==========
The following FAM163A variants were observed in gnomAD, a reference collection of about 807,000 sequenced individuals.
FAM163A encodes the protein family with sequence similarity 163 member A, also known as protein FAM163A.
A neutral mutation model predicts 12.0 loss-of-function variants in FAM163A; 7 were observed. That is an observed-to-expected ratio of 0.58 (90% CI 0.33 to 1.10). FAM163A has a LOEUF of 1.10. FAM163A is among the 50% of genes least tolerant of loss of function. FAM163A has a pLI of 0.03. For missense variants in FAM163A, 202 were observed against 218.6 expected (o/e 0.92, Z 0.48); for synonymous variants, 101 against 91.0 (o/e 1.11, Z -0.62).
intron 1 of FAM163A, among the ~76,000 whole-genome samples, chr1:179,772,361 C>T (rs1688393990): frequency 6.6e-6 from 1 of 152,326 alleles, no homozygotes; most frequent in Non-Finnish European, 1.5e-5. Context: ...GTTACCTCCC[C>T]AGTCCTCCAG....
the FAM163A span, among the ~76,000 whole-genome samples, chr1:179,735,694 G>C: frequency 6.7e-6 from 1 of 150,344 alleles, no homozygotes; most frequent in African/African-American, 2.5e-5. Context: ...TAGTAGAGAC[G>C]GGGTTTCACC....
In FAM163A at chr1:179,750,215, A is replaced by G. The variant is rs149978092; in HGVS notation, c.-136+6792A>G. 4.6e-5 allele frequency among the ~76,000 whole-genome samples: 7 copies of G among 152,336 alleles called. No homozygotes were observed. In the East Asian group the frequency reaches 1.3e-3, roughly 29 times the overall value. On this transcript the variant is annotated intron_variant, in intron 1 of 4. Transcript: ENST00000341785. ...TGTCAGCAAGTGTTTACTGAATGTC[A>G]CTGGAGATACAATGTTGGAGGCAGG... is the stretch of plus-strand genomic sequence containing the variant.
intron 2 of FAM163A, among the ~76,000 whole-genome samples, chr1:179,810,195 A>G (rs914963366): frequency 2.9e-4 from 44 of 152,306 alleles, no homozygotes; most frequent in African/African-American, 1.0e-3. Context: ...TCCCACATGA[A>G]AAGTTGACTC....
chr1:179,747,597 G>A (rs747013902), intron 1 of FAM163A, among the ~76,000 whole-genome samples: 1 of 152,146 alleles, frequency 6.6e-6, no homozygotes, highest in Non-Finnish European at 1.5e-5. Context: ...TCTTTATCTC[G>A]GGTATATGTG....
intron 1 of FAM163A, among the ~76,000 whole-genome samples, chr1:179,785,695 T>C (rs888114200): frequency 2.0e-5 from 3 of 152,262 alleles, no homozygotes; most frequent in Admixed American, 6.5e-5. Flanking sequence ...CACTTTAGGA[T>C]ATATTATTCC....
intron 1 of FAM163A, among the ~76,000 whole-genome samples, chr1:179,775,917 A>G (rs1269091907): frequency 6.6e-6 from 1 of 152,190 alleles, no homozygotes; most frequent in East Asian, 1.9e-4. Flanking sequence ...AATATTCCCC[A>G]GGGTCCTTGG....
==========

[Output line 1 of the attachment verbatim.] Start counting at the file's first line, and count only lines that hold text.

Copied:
The following FAM163A variants were observed in gnomAD, a reference collection of about 807,000 sequenced individuals.